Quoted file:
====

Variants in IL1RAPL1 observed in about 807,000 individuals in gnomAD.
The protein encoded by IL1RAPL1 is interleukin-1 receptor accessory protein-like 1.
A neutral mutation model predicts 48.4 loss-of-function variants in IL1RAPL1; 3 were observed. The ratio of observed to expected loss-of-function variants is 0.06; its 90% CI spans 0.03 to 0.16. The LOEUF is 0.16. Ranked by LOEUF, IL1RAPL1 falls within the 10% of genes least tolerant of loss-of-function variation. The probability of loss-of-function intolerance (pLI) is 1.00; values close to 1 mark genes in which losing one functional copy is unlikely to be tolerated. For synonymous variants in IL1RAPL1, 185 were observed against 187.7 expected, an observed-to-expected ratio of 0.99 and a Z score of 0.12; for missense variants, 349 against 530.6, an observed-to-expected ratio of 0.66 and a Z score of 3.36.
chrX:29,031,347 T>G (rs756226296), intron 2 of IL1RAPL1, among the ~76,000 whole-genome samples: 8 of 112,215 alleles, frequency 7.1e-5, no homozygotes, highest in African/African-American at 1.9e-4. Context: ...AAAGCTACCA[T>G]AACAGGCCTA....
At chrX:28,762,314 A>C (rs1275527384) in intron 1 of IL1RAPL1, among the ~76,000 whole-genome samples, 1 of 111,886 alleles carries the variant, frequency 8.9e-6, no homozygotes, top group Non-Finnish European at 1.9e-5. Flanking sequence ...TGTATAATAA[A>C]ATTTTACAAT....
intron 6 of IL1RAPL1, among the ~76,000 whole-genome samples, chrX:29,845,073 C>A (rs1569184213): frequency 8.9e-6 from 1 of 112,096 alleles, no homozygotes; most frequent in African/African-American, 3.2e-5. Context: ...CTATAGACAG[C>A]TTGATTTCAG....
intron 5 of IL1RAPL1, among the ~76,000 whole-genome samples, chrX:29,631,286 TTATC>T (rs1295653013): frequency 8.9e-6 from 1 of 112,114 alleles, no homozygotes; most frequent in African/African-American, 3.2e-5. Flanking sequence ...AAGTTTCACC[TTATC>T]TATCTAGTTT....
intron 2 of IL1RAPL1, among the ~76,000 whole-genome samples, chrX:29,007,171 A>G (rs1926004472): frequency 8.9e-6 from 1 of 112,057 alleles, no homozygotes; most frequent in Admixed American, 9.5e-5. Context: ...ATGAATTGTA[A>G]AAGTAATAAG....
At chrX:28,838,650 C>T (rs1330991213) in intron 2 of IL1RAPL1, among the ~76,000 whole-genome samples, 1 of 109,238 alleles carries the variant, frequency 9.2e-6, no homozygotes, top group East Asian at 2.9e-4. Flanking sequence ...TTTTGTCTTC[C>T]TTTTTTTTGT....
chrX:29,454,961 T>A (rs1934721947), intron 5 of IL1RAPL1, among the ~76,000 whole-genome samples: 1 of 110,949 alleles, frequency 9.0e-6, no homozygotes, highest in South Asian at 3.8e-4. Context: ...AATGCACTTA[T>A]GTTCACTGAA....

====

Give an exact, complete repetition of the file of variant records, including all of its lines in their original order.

Variants in IL1RAPL1 observed in about 807,000 individuals in gnomAD.
The protein encoded by IL1RAPL1 is interleukin-1 receptor accessory protein-like 1.
A neutral mutation model predicts 48.4 loss-of-function variants in IL1RAPL1; 3 were observed. The ratio of observed to expected loss-of-function variants is 0.06; its 90% CI spans 0.03 to 0.16. The LOEUF is 0.16. Ranked by LOEUF, IL1RAPL1 falls within the 10% of genes least tolerant of loss-of-function variation. The probability of loss-of-function intolerance (pLI) is 1.00; values close to 1 mark genes in which losing one functional copy is unlikely to be tolerated. For synonymous variants in IL1RAPL1, 185 were observed against 187.7 expected, an observed-to-expected ratio of 0.99 and a Z score of 0.12; for missense variants, 349 against 530.6, an observed-to-expected ratio of 0.66 and a Z score of 3.36.
chrX:29,031,347 T>G (rs756226296), intron 2 of IL1RAPL1, among the ~76,000 whole-genome samples: 8 of 112,215 alleles, frequency 7.1e-5, no homozygotes, highest in African/African-American at 1.9e-4. Context: ...AAAGCTACCA[T>G]AACAGGCCTA....
At chrX:28,762,314 A>C (rs1275527384) in intron 1 of IL1RAPL1, among the ~76,000 whole-genome samples, 1 of 111,886 alleles carries the variant, frequency 8.9e-6, no homozygotes, top group Non-Finnish European at 1.9e-5. Flanking sequence ...TGTATAATAA[A>C]ATTTTACAAT....
intron 6 of IL1RAPL1, among the ~76,000 whole-genome samples, chrX:29,845,073 C>A (rs1569184213): frequency 8.9e-6 from 1 of 112,096 alleles, no homozygotes; most frequent in African/African-American, 3.2e-5. Context: ...CTATAGACAG[C>A]TTGATTTCAG....
intron 5 of IL1RAPL1, among the ~76,000 whole-genome samples, chrX:29,631,286 TTATC>T (rs1295653013): frequency 8.9e-6 from 1 of 112,114 alleles, no homozygotes; most frequent in African/African-American, 3.2e-5. Flanking sequence ...AAGTTTCACC[TTATC>T]TATCTAGTTT....
intron 2 of IL1RAPL1, among the ~76,000 whole-genome samples, chrX:29,007,171 A>G (rs1926004472): frequency 8.9e-6 from 1 of 112,057 alleles, no homozygotes; most frequent in Admixed American, 9.5e-5. Context: ...ATGAATTGTA[A>G]AAGTAATAAG....
At chrX:28,838,650 C>T (rs1330991213) in intron 2 of IL1RAPL1, among the ~76,000 whole-genome samples, 1 of 109,238 alleles carries the variant, frequency 9.2e-6, no homozygotes, top group East Asian at 2.9e-4. Flanking sequence ...TTTTGTCTTC[C>T]TTTTTTTTGT....
chrX:29,454,961 T>A (rs1934721947), intron 5 of IL1RAPL1, among the ~76,000 whole-genome samples: 1 of 110,949 alleles, frequency 9.0e-6, no homozygotes, highest in South Asian at 3.8e-4. Context: ...AATGCACTTA[T>A]GTTCACTGAA....